2009: 1. Ulysses

“Stately plump Buck Mulligan came from the stairhead, bearing a bowl of lather on which a mirror and a razor lay crossed.”

Ulysses, James Joyce

I will start out by straight up admitting that I am super pleased with myself for having finally read this book - and for having got something out of it, particularly because I powered through the novel over about three days on my vacation. Because I read it on vacation, with no access to any commentaries or the internet, etc., I am thinking I probably only got about 75% of what was going on, but I also think that is pretty good, because this is a difficult book to read.   Worth it, no question, but its reputation as a hard read is earned.  I am, as you may have gathered from reading this blog, not the biggest fan of fancy writing and modernism generally - I like well written books with good old fashioned plots best of all, and so I can’t say that I think that this is the best book written in the twentieth century, no matter what the Modern Library thinks*.  But it, clearly, a hell of a book.  I mean, you don’t need me to tell you that Ulysses is a great book, but I was pleasantly surprised by how much I enjoyed it.  Especially because whenever I was just despairing over a section that was going on forever and I was just not appreciating, I would get hit by a section or a passage that knocked my socks off.  The entire funeral/graveyard section, for example, and the parts about childbirth (as well as anything about Bloom’s dead son) really hit me,  as did Bloom’s attempts to build a relationship with Stephen Dedalus (which might have more to do with my recent entry into parenthood than those parts being any better than any other parts).  I clearly will need to re-read Ulysses slowly some day, with commentary, so I can parse more meaning out of it, but I appreciated and even enjoyed what I got from it.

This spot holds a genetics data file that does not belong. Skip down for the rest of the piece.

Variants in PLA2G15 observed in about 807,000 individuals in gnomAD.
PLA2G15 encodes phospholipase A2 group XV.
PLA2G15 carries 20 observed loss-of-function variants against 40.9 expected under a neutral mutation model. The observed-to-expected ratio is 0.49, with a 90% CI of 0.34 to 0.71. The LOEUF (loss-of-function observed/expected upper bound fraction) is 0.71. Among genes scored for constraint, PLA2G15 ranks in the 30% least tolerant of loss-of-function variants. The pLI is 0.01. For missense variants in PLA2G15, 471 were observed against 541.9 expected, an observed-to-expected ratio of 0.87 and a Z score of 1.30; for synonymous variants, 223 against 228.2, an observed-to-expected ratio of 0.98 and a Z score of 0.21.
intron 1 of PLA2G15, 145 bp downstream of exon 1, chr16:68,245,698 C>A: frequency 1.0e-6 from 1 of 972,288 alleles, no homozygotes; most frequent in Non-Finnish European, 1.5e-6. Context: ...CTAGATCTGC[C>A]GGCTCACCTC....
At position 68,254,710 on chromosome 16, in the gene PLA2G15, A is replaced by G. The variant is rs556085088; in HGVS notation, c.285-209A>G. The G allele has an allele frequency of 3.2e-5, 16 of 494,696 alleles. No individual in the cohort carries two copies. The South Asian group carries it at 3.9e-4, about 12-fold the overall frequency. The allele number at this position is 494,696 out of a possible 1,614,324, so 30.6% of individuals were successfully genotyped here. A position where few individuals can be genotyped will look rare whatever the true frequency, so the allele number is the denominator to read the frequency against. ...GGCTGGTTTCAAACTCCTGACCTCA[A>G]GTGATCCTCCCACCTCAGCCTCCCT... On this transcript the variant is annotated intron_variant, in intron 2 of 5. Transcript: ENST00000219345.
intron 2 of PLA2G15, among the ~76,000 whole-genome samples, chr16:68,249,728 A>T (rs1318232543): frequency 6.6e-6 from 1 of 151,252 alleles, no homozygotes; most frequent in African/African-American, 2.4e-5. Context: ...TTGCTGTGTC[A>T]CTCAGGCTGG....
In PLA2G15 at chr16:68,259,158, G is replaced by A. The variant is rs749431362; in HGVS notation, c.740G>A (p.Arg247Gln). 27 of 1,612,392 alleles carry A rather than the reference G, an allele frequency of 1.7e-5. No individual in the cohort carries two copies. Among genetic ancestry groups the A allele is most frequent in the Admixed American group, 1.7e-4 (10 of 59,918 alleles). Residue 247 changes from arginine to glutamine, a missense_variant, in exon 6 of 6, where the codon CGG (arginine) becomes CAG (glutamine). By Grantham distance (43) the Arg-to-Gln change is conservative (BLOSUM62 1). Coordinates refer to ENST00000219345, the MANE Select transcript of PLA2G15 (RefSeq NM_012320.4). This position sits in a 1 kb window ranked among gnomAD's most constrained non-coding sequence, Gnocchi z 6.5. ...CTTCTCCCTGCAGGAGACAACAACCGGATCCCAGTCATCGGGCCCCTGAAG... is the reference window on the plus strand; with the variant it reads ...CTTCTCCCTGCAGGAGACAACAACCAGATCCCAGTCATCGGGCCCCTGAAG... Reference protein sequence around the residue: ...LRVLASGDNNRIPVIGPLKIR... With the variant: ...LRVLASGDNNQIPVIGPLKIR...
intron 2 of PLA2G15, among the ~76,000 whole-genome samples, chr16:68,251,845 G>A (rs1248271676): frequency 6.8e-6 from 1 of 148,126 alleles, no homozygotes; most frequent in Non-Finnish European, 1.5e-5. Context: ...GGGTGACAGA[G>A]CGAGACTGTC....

*I prefer their number two choice, The Great Gatsby, by a looooong shot


Date/Place Completed:  1/1/09; St. John’s USVI

Categories: Fiction,  Modern Library Top 100, Book Resolution (2008)

© Carrie Dunsmore 2017